Integrating Genetics Into Primary Care: Family History Is Key

Lorie M. Vandenbusche, RN, MSN, FNP


Topics in Advanced Practice Nursing eJournal 

In This Article

Prevent, Detect, and Manage Disease

Once a patient has been identified to be at an increased risk, the provider can often implement screening strategies and methods for disease prevention. Some patients at increased risk may already have begun to manifest disease. For these individuals, providers can often identify disease and suggest targeted lifestyle changes such as diet, exercise, and smoking cessation. The emphasis on disease prevention and management based on the family history often motivates a change in behavior that forestalls disease or reduces its adverse effects.

It is crucial for primary care providers to understand recommendations based on family history for screening for the normal population and those at risk. The US Preventive Services Task Force (USPSTF) publishes a pocket guide with recommendations for screening, counseling, and preventive medication.[21] Based on systematic evidence reviews, the guide provides recommendations based on family history ( Table 4 ).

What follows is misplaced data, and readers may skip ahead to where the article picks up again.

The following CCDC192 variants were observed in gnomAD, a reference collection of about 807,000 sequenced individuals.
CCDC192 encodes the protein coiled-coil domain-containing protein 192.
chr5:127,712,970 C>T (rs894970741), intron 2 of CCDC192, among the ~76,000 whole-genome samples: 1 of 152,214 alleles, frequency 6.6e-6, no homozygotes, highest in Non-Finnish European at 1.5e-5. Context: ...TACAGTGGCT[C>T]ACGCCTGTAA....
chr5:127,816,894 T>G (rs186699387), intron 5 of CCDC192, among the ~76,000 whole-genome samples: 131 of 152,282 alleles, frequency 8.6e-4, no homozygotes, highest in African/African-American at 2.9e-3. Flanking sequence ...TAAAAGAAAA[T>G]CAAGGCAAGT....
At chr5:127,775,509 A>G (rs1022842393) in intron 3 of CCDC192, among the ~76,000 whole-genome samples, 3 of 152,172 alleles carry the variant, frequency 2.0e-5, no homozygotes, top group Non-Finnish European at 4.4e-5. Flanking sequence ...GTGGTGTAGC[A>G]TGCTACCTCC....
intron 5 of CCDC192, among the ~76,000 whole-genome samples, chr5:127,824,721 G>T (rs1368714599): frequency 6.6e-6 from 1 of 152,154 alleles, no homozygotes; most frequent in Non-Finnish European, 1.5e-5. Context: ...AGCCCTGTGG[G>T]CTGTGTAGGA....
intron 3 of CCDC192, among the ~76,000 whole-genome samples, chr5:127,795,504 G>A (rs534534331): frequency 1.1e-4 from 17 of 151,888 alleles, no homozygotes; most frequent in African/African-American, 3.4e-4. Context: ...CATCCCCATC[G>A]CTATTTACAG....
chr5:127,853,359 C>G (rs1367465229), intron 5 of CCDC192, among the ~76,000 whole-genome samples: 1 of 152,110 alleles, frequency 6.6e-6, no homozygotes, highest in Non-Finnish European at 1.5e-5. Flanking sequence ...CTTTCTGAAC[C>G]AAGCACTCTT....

Although the Guide to Clinical Preventive Services is appropriate for quick access of recommendations made by the US Preventive Services Task Force, additional evidence based practice guidelines are usually necessary to make specific patient intervention decisions (ie, dosage for aspirin chemoprevention). The National Guideline Clearinghouse (NGC) is a comprehensive database of evidence-based clinical practice guidelines and is an excellent resource for clinicians to further explore evidence for specific patient recommendations.


Comments on Medscape are moderated and should be professional in tone and on topic. You must declare any conflicts of interest related to your comments and responses. Please see our Commenting Guide for further information. We reserve the right to remove posts at our sole discretion.